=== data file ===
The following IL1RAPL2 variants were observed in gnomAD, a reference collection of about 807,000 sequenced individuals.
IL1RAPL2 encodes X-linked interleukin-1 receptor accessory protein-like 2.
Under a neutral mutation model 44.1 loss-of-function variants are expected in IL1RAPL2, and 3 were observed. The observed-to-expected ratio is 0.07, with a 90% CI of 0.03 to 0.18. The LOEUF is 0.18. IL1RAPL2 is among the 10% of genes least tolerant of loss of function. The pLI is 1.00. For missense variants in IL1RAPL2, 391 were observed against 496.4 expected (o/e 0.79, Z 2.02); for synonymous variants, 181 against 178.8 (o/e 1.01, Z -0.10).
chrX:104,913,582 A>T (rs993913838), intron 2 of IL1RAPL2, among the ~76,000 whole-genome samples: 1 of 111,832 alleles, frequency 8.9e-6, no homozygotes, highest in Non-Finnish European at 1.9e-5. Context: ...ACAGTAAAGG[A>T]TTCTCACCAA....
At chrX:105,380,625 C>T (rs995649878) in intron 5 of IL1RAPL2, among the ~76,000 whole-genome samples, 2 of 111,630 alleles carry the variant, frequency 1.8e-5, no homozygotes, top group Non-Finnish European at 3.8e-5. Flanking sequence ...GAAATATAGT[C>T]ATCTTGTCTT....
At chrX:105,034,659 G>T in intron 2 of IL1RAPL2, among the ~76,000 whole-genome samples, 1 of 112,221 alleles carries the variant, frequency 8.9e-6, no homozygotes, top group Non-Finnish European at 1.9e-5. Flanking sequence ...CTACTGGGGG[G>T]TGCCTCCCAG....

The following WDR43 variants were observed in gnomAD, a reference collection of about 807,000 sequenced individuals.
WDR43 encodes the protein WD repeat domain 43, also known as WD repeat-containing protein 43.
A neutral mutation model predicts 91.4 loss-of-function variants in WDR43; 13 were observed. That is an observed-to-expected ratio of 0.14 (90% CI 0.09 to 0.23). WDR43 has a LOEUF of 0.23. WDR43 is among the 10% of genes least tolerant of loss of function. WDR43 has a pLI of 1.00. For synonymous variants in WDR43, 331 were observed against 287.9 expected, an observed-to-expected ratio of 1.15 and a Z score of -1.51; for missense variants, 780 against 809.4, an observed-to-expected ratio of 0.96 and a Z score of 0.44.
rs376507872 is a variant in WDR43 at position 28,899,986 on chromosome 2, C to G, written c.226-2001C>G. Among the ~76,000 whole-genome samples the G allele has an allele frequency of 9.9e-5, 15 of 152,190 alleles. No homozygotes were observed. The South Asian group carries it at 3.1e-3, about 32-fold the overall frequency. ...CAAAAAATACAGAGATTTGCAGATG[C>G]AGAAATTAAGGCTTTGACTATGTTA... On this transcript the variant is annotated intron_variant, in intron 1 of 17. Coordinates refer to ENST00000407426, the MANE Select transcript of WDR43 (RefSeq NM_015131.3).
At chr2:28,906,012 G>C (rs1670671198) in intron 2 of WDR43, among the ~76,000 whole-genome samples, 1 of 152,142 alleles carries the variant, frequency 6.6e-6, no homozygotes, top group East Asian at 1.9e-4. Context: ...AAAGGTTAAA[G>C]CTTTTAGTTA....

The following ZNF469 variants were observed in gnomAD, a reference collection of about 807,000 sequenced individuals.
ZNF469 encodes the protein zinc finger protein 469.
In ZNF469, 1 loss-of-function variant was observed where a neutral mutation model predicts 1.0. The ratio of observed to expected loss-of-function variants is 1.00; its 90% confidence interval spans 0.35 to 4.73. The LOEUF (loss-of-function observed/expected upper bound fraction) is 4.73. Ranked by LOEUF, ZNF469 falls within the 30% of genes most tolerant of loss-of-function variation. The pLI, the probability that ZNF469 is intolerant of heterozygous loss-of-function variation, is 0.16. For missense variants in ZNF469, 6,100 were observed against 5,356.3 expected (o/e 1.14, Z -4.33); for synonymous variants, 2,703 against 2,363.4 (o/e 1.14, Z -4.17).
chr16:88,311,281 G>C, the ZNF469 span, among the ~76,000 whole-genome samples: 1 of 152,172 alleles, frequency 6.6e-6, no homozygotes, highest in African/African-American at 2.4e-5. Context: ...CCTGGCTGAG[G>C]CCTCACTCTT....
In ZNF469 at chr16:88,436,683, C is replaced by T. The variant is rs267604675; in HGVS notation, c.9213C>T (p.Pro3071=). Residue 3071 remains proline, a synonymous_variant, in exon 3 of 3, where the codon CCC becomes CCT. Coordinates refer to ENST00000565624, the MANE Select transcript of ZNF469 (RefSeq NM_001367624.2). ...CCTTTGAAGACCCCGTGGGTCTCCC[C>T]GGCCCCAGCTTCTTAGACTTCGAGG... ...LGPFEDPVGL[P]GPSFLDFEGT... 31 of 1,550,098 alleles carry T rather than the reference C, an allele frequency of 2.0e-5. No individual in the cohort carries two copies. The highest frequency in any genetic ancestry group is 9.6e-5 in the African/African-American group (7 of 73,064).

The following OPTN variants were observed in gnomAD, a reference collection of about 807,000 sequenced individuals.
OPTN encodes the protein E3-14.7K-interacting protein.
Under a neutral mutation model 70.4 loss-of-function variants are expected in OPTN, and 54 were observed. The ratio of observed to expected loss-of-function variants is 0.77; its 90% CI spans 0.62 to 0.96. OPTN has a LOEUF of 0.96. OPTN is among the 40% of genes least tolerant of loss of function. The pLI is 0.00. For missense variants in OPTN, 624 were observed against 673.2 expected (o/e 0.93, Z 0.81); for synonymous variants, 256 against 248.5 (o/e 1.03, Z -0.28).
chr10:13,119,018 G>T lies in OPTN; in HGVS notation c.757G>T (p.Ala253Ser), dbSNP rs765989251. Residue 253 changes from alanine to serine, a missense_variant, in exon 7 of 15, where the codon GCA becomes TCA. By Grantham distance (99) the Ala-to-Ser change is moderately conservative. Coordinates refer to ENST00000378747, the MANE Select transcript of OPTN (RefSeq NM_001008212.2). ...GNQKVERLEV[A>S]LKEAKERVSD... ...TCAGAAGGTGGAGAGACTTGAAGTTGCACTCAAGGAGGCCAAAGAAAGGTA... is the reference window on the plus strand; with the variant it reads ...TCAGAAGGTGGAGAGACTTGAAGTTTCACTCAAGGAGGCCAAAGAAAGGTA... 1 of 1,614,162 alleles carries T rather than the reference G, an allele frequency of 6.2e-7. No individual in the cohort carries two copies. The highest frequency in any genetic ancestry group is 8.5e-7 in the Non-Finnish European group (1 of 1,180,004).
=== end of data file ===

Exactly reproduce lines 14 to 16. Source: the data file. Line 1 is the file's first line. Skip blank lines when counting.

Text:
In ZNF469, 1 loss-of-function variant was observed where a neutral mutation model predicts 1.0. The ratio of observed to expected loss-of-function variants is 1.00; its 90% confidence interval spans 0.35 to 4.73. The LOEUF (loss-of-function observed/expected upper bound fraction) is 4.73. Ranked by LOEUF, ZNF469 falls within the 30% of genes most tolerant of loss-of-function variation. The pLI, the probability that ZNF469 is intolerant of heterozygous loss-of-function variation, is 0.16. For missense variants in ZNF469, 6,100 were observed against 5,356.3 expected (o/e 1.14, Z -4.33); for synonymous variants, 2,703 against 2,363.4 (o/e 1.14, Z -4.17).
chr16:88,311,281 G>C, the ZNF469 span, among the ~76,000 whole-genome samples: 1 of 152,172 alleles, frequency 6.6e-6, no homozygotes, highest in African/African-American at 2.4e-5. Context: ...CCTGGCTGAG[G>C]CCTCACTCTT....
In ZNF469 at chr16:88,436,683, C is replaced by T. The variant is rs267604675; in HGVS notation, c.9213C>T (p.Pro3071=). Residue 3071 remains proline, a synonymous_variant, in exon 3 of 3, where the codon CCC becomes CCT. Coordinates refer to ENST00000565624, the MANE Select transcript of ZNF469 (RefSeq NM_001367624.2). ...CCTTTGAAGACCCCGTGGGTCTCCC[C>T]GGCCCCAGCTTCTTAGACTTCGAGG... ...LGPFEDPVGL[P]GPSFLDFEGT... 31 of 1,550,098 alleles carry T rather than the reference C, an allele frequency of 2.0e-5. No individual in the cohort carries two copies. The highest frequency in any genetic ancestry group is 9.6e-5 in the African/African-American group (7 of 73,064).